11Aug Jo O’Sullivan on Katie Taylor

As a person who tends to be somewhat bemused by the hysteria caused by sporting events, I find myself incredibly moved by Katie Taylor’s Olympic success.
I don’t mean to be dismissive in any way about the national euphoria or despair that seems to be felt in the wake of Irish success or failure in such events, I just don’t feel it personally. At the risk of being lynched, it’s only sport – it’s only other people’s success or failure – why do so many people take it PERSONALLY?
I watch such events with a desire for our national representatives to succeed, but not because I feel I have any right to share in their success – but because I know what it means to my nearest and dearest – as well as to what appears to be the whole of the nation around me.
So, today, I am more than happy to feel the uplift of spirit that Katie’s success has given us.
But my reasons for feeling uplifted so much might be rather different than those of a lot of others.
I feel such an enormous pride in a girl whose first thought after such a victory is to give praise to her Creator. In an era when it’s almost a cause for shame to admit a belief in a loving, divine Creator, it was truly wonderful to witness a girl, having achieved the pinnacle of success, humbly giving thanks to God.  I feel pride and also a certain sense of regret. The regret is that I knew immediately Katie spoke that she didn’t adhere to Roman Catholicism – Catholics don’t praise God so publicly!

And Irish Catholics certainly don’t!
Like so many Catholics here in our wee island these days, I’ve become almost schizophrenic about my particular Christian Tradition. I want to be proud of being Catholic, but I’m truly ashamed of parts of my church. I see myself as part of the struggle to continue practicing Catholicism while challenging those teachings and structures I simply cannot accept any more.
I read everything that appears on the ACP website and struggle to discern where exactly I stand in the midst of it all. I read articles written by people who have played a much more proactive part in studying their faith than I ever have. I read pieces written by those who are certain that the current hierarchical structures and some of the teachings of the Magisterium of the church are totally contrary to what was begun by Vatican 2. And I also read the pieces written by those with equal certainty that the Magisterium is the only valid teaching authority within our church and anyone who disagrees has lost the right to call him/herself Catholic.
I note that all the writers, on each side, can quote Canon Law, Scripture, teachings of Saints and Councils etc. etc. to illustrate the validity of their particular argument.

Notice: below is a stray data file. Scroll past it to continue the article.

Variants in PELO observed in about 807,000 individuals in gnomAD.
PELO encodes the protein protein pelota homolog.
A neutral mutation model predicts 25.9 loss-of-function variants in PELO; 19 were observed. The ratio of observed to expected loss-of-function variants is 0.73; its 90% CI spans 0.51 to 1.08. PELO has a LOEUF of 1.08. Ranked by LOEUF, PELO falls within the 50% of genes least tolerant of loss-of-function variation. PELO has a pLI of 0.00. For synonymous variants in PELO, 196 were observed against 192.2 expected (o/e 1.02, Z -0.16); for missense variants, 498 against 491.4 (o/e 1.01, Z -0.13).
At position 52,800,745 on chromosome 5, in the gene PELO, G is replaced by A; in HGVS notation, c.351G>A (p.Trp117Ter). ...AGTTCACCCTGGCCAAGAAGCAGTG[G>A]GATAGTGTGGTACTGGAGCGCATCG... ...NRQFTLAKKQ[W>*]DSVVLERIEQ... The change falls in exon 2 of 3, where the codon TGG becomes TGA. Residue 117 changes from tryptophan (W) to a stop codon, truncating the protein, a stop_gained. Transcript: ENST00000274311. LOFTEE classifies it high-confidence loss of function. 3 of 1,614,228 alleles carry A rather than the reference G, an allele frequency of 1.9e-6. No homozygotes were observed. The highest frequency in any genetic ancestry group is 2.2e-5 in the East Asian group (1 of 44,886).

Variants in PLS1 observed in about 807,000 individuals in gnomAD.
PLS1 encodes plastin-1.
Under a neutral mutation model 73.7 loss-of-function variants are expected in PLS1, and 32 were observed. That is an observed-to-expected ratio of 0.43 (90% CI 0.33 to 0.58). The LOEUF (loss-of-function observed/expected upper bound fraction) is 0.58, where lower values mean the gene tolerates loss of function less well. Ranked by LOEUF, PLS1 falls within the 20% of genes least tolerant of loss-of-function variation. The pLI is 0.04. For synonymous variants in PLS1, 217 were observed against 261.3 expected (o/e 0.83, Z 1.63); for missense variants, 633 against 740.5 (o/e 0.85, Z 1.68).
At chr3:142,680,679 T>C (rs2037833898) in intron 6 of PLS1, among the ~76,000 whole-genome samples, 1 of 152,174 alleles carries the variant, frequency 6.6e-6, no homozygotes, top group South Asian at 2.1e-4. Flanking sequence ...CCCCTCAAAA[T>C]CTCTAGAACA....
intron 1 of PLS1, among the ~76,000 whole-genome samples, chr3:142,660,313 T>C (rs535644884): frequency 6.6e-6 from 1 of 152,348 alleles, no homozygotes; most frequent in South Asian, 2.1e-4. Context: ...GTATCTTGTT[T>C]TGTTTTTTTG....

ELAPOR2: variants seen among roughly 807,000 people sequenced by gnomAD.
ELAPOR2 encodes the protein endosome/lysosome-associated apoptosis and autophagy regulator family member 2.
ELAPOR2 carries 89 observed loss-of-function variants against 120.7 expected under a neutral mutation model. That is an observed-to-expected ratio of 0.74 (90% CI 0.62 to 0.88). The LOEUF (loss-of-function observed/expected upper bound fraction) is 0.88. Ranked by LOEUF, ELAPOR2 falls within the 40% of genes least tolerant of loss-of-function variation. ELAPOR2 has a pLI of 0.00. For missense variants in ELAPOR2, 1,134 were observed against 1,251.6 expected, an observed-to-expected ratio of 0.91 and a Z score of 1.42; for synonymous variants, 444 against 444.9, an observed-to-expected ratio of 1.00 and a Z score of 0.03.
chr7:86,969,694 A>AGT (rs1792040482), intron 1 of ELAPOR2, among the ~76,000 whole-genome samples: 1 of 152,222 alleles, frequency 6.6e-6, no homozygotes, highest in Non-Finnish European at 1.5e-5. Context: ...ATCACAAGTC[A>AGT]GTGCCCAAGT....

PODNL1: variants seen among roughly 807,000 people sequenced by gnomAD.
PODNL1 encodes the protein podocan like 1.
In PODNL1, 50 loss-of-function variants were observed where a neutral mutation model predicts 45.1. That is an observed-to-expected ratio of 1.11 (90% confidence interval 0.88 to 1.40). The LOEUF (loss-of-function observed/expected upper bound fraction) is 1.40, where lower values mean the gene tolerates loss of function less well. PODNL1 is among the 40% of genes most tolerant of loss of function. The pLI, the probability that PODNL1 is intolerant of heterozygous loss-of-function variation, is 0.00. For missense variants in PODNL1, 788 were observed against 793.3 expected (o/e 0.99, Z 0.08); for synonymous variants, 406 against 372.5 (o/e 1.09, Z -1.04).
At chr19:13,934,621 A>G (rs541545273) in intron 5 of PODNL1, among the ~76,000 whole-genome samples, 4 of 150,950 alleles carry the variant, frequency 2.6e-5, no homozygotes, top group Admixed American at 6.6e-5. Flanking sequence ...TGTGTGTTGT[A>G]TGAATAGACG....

So I have had to come to the conclusion that becoming a student of Catholicism will not lead me to the ‘full truth’. It would all depend on whom I chose as my teachers! No matter how much I desire to know ‘the right truth’, I realise the most honest place I can be is in acknowledging that I can only ever be a person of faith – full of honest doubt, open to learning all the time while adhering to the basic tenets of my religious code to the best of my ability.
I can never again claim that I am part of the ‘one, true church’. What arrogance it is on the part of our tradition to claim that! How we should bow our heads in shame in front of our Pentecostal brothers and sisters when we see that one of their brethren can so naturally proclaim her utter reliance and trust in Jesus Christ, for all the world to see and hear. Isn’t that just wonderful? Isn’t that real Christian living? Hasn’t Katie Taylor shown us all what it means to be a practicing Christian?
Together with the horrific abuses, some of our Catholic religious practices and teachings have disgusted a whole generation of Irish young people – young people who have turned their backs on such practices as a result. They were not brain-washed by the fear of eternal damnation if they don’t adhere with blind obedience to those practices and believe, without questioning, those teachings. So they think for themselves and find such things deeply wanting.  Young people accept that discrimination in any form is simply wrong, so they cannot accept the misogynistic, homophobic aspects of Catholicism. And who can fault them for that?
Unfortunately though, many have concluded that any form of religious practice is erroneous and even a belief in a creator is simply an indication of deep indoctrination or a lack of intelligence! How could anyone believe in a God when religion and religious practices seem to be the root cause of so many of the world’s problems? 
So, seeing the true meaning of religious belief in the whole person of Katie Taylor (I don’t know the girl personally, but I’ve been struck by those who claim her to be a truly good, honest, down-to-earth person) causes me to have a real burst of optimism. Katie just might lead young people back to God in a way that the whole might of the Roman machine has failed to do.
There’s a delightful irony in that a young WOMAN, participating in what many would claim to be a MALE sport just might have a more positive spiritual effect on a generation that the male dominated Roman Catholic church can’t reach!
And it matters not a whit to me that Katie’s Christian tradition is not Roman Catholic – I wonder if God cares?
Katie has earned herself a place in Irish sporting history for her success in her chosen sport and I salute her for it.
But, as far as I’m concerned, her real gold is in showing a generation of cynical, jaded, anti-religious Irish young people that it IS possible to live a life wherein we can put our trust and faith in our loving Creator. I honour her for that.
Oh God! You DO work in mysterious ways! And You have a wicked sense of humour!

8 Responses

  1. Carmel Devine

    Well what similiar thoughts to my own.
    I was deeply moved by the way Katie so joyfully spoke about her faith.
    It left me wondering why oh why have her peers, those who adhere to the catholic faith, such a very different experience of God, of their faith community and of religion?
    Apart from a small group of very conservative young people, most of them- my own children included- just wouldn’t share, understand or connect with her sense of delight in knowing Jesus Christ. And certainly on a public stage few of them would remember or want to sing his praise.